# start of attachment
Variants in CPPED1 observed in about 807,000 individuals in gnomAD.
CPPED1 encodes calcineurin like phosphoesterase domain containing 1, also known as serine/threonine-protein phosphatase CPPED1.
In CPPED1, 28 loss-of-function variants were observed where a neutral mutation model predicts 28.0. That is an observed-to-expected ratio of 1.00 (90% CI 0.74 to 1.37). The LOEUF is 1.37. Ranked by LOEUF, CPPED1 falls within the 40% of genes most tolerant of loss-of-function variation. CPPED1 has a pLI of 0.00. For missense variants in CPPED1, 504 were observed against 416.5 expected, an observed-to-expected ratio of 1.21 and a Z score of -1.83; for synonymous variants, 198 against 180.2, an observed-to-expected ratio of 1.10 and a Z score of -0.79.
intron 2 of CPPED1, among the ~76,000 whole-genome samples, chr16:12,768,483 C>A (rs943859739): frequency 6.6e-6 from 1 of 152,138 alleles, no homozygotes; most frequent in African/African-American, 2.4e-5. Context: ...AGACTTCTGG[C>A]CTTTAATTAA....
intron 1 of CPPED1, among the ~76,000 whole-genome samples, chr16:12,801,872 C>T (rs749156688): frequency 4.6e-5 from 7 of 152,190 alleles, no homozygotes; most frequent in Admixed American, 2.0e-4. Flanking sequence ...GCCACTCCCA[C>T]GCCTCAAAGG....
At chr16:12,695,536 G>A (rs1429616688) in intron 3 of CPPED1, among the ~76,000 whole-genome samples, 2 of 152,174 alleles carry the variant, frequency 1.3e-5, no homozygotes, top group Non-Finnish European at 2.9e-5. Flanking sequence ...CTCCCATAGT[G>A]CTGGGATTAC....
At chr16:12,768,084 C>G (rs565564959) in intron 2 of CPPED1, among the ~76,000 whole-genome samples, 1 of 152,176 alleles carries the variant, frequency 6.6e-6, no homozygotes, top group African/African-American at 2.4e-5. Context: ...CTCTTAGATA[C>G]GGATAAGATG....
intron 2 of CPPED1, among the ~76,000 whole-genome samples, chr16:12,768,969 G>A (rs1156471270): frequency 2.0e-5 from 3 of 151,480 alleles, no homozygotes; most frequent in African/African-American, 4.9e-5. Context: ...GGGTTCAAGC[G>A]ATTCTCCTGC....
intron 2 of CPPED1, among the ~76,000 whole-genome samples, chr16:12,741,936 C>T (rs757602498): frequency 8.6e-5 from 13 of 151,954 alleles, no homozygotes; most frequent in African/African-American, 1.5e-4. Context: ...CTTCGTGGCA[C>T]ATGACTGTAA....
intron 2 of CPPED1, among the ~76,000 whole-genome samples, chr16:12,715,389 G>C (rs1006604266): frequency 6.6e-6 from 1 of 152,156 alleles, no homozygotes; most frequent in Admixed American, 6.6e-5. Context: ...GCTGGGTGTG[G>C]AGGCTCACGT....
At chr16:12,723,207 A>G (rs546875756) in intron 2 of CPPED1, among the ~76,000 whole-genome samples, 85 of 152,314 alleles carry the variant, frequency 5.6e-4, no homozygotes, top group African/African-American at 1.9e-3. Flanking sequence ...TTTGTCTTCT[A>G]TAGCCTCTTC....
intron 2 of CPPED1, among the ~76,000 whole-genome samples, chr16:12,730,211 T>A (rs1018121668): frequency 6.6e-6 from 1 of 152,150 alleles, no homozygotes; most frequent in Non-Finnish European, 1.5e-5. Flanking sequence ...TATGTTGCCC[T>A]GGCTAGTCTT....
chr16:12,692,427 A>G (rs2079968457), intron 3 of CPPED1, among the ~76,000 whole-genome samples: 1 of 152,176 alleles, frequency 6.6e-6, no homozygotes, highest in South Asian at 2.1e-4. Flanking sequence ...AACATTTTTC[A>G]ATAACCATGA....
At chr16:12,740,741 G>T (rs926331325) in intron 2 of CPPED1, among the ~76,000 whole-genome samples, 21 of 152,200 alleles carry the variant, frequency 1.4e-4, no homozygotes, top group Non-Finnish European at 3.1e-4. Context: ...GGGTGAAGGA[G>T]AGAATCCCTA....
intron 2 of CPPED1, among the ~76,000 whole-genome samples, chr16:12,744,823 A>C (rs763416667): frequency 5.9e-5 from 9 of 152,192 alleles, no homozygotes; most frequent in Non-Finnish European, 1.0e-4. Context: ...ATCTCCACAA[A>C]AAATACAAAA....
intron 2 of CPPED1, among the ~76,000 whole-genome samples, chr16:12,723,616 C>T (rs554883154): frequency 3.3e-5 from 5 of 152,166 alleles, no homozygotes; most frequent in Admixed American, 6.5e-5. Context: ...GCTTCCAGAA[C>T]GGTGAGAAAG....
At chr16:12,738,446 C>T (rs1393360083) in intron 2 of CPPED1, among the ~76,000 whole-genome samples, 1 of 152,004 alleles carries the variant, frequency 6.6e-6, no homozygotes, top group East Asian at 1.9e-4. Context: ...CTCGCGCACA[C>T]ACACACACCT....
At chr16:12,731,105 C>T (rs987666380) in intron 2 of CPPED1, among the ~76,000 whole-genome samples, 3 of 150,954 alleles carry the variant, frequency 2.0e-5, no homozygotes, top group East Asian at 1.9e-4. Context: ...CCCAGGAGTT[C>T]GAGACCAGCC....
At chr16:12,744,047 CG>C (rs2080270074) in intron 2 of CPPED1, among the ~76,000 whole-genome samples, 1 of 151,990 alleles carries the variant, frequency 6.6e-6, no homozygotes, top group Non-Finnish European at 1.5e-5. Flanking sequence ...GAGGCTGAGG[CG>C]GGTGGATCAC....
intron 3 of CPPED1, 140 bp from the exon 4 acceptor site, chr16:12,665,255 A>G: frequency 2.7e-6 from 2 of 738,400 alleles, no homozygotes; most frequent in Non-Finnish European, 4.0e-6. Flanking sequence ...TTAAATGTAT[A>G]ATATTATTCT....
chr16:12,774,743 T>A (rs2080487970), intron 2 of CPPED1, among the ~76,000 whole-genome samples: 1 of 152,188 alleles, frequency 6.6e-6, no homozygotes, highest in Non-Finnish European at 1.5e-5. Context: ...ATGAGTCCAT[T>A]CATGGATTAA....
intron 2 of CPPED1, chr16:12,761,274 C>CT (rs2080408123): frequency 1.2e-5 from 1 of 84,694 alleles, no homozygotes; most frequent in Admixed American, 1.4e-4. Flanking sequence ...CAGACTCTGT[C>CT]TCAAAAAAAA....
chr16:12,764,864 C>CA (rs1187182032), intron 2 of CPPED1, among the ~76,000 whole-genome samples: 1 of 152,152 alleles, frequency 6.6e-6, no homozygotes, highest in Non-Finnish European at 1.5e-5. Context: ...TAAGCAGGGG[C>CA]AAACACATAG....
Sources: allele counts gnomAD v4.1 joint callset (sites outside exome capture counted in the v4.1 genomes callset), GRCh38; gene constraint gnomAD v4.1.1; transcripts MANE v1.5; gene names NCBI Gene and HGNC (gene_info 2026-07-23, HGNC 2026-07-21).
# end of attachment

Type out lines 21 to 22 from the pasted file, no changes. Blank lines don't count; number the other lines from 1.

chr16:12,774,743 T>A (rs2080487970), intron 2 of CPPED1, among the ~76,000 whole-genome samples: 1 of 152,188 alleles, frequency 6.6e-6, no homozygotes, highest in Non-Finnish European at 1.5e-5. Context: ...ATGAGTCCAT[T>A]CATGGATTAA....
intron 2 of CPPED1, chr16:12,761,274 C>CT (rs2080408123): frequency 1.2e-5 from 1 of 84,694 alleles, no homozygotes; most frequent in Admixed American, 1.4e-4. Flanking sequence ...CAGACTCTGT[C>CT]TCAAAAAAAA....